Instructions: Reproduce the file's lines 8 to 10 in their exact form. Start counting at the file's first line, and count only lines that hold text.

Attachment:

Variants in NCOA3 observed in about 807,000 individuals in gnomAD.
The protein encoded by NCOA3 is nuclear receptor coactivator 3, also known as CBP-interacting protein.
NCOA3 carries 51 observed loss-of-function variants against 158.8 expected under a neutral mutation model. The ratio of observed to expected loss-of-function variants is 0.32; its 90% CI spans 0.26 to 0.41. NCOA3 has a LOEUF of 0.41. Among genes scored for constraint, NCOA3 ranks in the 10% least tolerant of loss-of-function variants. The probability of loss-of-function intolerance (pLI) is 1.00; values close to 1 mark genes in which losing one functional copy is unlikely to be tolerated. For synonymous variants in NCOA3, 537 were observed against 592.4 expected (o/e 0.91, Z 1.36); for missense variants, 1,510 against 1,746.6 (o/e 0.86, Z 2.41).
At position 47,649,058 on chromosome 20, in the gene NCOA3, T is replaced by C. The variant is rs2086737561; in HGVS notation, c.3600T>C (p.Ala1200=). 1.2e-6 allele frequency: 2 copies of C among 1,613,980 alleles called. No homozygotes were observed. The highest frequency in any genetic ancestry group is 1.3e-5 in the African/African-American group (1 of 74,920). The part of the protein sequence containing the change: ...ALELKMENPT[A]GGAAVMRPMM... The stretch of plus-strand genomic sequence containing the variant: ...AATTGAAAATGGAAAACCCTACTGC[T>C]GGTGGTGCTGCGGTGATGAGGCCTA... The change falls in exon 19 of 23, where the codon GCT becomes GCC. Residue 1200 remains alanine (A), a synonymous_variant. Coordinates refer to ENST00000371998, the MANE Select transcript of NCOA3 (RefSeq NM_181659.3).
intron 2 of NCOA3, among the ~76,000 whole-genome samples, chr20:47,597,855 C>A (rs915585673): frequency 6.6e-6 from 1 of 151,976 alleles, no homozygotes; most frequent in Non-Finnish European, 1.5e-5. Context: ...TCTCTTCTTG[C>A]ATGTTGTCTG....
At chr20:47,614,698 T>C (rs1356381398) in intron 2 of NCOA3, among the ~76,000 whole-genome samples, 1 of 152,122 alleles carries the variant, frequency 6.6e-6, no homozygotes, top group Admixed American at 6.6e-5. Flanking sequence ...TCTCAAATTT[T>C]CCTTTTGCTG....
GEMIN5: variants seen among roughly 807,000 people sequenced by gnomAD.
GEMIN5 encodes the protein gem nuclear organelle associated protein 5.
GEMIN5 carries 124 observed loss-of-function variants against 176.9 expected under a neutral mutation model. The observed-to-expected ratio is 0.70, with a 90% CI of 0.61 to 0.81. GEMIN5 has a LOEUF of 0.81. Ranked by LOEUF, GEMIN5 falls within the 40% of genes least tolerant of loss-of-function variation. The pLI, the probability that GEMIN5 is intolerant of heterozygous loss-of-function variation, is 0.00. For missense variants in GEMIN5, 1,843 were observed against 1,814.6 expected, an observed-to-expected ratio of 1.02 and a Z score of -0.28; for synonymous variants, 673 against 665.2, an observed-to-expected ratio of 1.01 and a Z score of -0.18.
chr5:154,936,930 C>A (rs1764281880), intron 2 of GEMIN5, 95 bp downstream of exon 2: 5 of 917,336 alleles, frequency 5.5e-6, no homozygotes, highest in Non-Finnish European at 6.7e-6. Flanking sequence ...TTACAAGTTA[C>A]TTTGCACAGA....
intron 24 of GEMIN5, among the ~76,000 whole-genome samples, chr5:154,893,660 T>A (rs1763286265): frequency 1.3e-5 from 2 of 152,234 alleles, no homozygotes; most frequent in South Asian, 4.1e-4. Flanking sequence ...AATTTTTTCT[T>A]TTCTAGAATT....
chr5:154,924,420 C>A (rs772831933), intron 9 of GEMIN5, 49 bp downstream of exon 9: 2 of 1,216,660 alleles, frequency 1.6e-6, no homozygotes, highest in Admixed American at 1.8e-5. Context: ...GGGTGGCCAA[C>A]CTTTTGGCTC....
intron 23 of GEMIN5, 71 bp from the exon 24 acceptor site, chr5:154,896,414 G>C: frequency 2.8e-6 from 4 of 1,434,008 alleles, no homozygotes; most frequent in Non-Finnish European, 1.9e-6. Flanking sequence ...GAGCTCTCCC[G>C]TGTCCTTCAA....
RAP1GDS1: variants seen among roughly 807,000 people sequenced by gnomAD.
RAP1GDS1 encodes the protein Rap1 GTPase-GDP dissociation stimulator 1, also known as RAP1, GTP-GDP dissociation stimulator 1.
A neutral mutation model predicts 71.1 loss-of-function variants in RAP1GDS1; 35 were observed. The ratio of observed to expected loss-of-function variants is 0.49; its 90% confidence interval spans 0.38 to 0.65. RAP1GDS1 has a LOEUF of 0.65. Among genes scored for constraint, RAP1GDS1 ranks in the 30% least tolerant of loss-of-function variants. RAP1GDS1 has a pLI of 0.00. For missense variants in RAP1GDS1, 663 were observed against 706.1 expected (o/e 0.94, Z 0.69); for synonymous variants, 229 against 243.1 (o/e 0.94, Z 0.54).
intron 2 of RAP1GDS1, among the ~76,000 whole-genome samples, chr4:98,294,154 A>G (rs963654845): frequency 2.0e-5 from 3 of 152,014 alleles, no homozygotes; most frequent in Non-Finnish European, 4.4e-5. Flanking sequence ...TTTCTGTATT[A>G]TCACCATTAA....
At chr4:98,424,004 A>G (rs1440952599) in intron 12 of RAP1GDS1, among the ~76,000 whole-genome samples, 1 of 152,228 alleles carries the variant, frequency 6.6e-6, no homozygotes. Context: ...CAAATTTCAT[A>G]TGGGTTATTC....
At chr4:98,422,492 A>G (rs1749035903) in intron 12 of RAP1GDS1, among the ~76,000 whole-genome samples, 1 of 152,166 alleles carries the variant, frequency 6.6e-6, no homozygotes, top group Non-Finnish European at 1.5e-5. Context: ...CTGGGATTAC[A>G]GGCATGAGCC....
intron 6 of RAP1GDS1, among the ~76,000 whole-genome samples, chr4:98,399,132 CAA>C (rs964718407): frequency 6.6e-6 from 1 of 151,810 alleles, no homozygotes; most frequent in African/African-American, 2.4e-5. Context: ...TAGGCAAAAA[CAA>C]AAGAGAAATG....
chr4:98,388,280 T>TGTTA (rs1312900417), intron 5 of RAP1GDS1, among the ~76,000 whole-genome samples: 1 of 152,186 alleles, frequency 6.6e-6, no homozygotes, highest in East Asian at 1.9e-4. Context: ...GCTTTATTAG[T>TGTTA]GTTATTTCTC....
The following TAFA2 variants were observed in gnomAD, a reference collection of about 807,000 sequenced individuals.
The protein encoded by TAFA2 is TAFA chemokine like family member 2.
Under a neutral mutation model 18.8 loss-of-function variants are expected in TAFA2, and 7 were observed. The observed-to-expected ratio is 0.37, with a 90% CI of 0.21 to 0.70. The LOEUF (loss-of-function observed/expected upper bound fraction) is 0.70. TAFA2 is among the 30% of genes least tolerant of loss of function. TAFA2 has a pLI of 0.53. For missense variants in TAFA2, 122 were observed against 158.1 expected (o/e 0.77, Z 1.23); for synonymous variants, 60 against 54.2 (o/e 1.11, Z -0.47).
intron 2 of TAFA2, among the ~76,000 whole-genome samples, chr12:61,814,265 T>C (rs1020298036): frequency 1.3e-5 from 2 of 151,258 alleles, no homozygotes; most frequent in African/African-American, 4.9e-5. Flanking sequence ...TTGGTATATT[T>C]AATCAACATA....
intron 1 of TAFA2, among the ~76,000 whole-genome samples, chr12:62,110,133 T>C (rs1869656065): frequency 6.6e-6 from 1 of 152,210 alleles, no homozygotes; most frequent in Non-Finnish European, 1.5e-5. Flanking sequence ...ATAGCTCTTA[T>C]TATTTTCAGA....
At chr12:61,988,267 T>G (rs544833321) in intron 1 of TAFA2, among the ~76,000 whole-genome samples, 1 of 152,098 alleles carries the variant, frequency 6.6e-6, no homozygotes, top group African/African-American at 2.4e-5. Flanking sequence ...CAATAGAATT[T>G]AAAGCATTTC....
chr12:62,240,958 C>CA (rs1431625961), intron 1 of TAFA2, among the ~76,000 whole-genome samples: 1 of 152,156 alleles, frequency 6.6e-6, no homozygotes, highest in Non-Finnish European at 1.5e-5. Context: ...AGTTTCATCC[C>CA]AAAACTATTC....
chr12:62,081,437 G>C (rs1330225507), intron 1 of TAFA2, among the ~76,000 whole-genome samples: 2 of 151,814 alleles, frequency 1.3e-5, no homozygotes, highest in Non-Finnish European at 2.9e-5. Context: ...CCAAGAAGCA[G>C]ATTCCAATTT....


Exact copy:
GEMIN5 encodes the protein gem nuclear organelle associated protein 5.
GEMIN5 carries 124 observed loss-of-function variants against 176.9 expected under a neutral mutation model. The observed-to-expected ratio is 0.70, with a 90% CI of 0.61 to 0.81. GEMIN5 has a LOEUF of 0.81. Ranked by LOEUF, GEMIN5 falls within the 40% of genes least tolerant of loss-of-function variation. The pLI, the probability that GEMIN5 is intolerant of heterozygous loss-of-function variation, is 0.00. For missense variants in GEMIN5, 1,843 were observed against 1,814.6 expected, an observed-to-expected ratio of 1.02 and a Z score of -0.28; for synonymous variants, 673 against 665.2, an observed-to-expected ratio of 1.01 and a Z score of -0.18.
chr5:154,936,930 C>A (rs1764281880), intron 2 of GEMIN5, 95 bp downstream of exon 2: 5 of 917,336 alleles, frequency 5.5e-6, no homozygotes, highest in Non-Finnish European at 6.7e-6. Flanking sequence ...TTACAAGTTA[C>A]TTTGCACAGA....